Charting the trends – the shift in international travel demand means the big Asian city markets have been replaced by leisure focused city pairs in world’s biggest air routes

This time last year, when the COVID-19 name had not yet been decided and a pneumonia-like virus was causing alarm within China, the world was a very different place. We all had the freedom to work and travel as we pleased and air connectivity was the primary facilitator of international movement.

The air transport industry was on a significant growth trajectory with the Asian markets at the heart of its development. In fact, in the week commencing 20-Jan-2020, all but one of the world’s biggest air routes was to be found in the region, according to CTC – Corporate Travel Community analysis of OAG schedule data.

The top three air routes during the week comprised the Hong Kong International (HKG) – Taipei Taiwan Taoyuan International (TPE); Kuala Lumpur International (KUL) – Singapore Changi (SIN); and Jakarta Soekarno-Hatta International – Singapore Changi (SIN) markets. All three had more than 100,000 two-way seats scheduled for the seven days, with the HKG-TPE route exceeding 150,000 two-way seats.

The ranking was mainly dominated by Asia’s regional centres. The Cairo International (CAI) – Jeddah King Abdulaziz International (JED) was the only non-Asian route in the top 10; Dubai International (DXB) – Riyadh King Khalid International (RUH) also made the top 20, alongside the London Heathrow (LHR) – New York John F Kennedy International (JFK) trans-Atlantic market.

The Asia market appears to be suffering more severely than many other regions in terms of international air connectivity, albeit strong domestic markets mean that air transport continues to play a vital role.

If we now fast-forward to this year and the week commencing 18-Jan-2021 we see a very different list of routes among the world’s busiest air markets. There is a clear bias on leisure markets, where passenger demand has shown some recovery, but most notably it is the reduction in seats on offer in this markets that highlights the impact of the pandemic.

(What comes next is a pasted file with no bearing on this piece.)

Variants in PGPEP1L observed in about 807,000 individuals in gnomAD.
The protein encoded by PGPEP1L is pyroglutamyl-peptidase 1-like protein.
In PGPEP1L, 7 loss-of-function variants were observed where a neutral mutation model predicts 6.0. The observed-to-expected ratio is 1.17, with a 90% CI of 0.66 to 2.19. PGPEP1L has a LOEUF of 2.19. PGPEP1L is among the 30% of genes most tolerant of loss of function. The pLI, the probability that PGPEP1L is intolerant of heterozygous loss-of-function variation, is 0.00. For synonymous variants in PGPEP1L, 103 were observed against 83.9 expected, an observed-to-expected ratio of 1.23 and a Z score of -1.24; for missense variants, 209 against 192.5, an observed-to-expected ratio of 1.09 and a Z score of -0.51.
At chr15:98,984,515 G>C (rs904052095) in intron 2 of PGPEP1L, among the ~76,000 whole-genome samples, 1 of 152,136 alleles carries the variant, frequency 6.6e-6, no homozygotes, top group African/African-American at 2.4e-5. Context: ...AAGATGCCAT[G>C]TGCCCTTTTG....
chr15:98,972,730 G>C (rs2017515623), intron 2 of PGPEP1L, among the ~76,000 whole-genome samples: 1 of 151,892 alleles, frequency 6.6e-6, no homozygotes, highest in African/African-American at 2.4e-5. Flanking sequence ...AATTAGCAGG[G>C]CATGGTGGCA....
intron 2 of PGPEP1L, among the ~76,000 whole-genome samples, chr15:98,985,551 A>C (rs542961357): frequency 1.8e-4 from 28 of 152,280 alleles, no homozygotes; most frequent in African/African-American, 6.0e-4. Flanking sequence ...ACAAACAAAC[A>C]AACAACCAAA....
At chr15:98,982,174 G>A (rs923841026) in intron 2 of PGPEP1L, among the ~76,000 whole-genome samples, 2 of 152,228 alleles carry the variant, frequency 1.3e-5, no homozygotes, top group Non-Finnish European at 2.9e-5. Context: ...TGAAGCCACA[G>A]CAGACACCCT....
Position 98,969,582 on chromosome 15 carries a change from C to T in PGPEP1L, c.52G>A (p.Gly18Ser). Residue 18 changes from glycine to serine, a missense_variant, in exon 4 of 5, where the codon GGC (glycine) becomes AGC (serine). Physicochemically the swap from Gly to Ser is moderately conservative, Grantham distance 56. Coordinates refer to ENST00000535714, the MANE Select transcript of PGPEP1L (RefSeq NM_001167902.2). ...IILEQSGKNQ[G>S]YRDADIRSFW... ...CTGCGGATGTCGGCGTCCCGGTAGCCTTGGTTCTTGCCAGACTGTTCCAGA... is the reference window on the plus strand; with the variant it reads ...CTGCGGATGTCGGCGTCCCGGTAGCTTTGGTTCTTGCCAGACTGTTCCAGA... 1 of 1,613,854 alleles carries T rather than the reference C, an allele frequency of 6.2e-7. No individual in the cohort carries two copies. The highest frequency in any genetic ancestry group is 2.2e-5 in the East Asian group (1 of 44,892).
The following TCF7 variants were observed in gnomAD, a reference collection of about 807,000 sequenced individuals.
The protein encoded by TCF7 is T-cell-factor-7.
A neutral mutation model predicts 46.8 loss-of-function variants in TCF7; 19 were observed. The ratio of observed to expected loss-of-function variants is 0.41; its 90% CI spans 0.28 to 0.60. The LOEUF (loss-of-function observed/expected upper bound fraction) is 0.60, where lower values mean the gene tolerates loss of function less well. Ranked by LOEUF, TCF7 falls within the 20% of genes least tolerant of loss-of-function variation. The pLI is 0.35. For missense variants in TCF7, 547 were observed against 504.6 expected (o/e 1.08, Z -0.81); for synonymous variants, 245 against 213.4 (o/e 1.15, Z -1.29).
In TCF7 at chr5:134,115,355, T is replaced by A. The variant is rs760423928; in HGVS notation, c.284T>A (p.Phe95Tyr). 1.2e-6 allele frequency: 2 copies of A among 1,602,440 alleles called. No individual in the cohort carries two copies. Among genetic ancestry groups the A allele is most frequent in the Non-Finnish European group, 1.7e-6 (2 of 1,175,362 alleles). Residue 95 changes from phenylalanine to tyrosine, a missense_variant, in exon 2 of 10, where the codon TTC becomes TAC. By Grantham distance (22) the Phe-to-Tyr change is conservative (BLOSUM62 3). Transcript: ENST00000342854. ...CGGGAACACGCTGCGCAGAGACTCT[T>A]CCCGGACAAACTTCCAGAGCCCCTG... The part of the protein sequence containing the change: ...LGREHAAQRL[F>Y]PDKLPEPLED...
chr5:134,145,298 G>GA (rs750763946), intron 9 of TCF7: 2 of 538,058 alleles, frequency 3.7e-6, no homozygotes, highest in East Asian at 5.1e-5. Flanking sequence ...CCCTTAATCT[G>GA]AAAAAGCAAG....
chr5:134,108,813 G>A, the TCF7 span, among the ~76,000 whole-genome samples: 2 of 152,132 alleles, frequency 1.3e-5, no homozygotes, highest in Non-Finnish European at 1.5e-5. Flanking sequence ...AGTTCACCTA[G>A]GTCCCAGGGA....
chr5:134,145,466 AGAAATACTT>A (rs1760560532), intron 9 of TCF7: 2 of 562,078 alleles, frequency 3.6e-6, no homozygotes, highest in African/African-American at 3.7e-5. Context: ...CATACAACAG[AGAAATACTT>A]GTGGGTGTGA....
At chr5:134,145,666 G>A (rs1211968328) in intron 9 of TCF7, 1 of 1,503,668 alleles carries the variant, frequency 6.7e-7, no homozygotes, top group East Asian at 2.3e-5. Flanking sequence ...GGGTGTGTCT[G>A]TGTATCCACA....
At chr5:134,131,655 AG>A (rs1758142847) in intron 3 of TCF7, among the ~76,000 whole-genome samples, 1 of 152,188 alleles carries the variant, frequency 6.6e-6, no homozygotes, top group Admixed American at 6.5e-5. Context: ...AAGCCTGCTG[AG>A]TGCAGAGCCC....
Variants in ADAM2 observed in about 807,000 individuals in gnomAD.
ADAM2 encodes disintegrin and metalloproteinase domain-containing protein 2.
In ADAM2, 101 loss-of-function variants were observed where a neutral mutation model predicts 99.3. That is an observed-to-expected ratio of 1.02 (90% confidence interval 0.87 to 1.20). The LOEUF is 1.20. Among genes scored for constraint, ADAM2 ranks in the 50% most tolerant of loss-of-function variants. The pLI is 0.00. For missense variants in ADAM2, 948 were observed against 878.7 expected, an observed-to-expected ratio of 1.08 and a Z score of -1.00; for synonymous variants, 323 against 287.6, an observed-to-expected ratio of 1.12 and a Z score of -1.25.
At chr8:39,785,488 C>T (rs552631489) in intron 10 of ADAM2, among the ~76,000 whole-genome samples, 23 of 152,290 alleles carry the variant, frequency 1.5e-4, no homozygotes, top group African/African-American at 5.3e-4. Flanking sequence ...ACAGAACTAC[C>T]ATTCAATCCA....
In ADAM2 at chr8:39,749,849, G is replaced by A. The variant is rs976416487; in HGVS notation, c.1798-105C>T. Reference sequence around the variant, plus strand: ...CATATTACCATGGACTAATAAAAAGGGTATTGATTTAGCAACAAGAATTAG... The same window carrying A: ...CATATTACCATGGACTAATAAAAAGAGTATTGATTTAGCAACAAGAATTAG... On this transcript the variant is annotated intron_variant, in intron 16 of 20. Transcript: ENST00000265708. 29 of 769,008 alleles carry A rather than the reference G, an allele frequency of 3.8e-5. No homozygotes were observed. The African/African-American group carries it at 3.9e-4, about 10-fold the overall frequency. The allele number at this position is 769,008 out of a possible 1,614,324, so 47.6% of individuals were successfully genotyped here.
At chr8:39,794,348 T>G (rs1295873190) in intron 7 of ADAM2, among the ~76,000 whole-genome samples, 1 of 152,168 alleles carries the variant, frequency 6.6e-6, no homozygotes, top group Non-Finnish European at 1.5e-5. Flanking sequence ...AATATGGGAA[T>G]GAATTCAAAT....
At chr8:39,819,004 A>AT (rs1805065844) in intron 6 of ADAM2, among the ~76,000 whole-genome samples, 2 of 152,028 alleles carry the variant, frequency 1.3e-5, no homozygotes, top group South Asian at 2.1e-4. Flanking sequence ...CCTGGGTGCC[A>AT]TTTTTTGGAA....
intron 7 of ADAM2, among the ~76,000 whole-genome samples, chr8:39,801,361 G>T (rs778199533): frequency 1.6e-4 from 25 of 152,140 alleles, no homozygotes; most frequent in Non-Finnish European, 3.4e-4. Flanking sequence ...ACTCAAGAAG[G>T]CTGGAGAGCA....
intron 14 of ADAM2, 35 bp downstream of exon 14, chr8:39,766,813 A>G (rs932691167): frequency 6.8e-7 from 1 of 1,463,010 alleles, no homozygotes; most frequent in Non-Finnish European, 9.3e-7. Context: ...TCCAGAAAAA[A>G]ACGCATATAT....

The busiest route in the week commencing 18-Jan-2021 has less than a quarter of the seats compared to the same week last year, while the total for the ten busiest international routes in the world is down from just under 930,000 seats to less than 290,000, a reduction of more than two-thirds (-69.0%).

They say ‘a picture paints a thousand words’. In this regular section CTC – Corporate Travel Community offers a graphical insight into a key industry observation or trend. In this latest edition we use OAG schedule data to highlight the world’s largest air markets this week (week commencing 18-Jan-2021) based on international capacity.

This regular section also now incorporates and expands on the charts produced in the 2020 air capacity series ‘Coronavirus Statistics Snapshot’. These include a weekly look at how the pandemic is impacting global flight levels in the world’s largest markets; a week-on-week and year-on-year comparison of flight departures by geographical region and a look at how weekly capacity is trending: the latter comparing levels to 2020 and also to the 2019 baseline performance.

HEADLINE FIGURES FOR WEEK COMMENCING 18-Jan-2021:

Departure frequencies down -2.53% versus last week; down -47.32% versus 2020 and down -44.95% versus 2019.

Seat capacity down -3.63% versus last week; down -46.68% versus 2020 and down -48.70% versus 2019.

CHART: Week-on-week change in flight departures by region

CHART: Year-on-year weekly departure performance for world’s top 30 markets versus 2019

CHART: Year-on-year weekly departure performance for world’s top 30 markets versus 2020

CHART: Departure capacity trends with year-on-year performance

CHART: Departure capacity trends versus 2019

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